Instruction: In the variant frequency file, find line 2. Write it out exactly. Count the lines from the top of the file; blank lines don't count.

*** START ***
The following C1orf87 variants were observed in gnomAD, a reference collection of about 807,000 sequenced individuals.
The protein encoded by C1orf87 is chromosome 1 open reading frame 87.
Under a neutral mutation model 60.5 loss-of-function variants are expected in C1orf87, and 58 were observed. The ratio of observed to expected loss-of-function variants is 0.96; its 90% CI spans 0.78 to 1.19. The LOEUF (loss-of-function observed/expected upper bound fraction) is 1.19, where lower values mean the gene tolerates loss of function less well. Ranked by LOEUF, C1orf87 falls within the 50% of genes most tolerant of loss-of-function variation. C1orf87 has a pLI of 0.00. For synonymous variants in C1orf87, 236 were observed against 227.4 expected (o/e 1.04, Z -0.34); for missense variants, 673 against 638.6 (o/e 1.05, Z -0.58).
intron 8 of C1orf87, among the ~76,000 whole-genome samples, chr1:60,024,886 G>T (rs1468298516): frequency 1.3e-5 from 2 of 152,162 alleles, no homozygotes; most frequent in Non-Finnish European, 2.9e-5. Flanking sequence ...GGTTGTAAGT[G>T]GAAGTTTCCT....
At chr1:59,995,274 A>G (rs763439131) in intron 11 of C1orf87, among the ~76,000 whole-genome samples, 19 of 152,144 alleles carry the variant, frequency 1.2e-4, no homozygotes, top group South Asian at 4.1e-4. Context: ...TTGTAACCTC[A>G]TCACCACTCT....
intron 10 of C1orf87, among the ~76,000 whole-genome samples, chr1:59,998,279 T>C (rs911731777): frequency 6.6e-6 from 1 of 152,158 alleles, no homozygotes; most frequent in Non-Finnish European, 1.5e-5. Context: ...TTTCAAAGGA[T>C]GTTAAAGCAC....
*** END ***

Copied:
The protein encoded by C1orf87 is chromosome 1 open reading frame 87.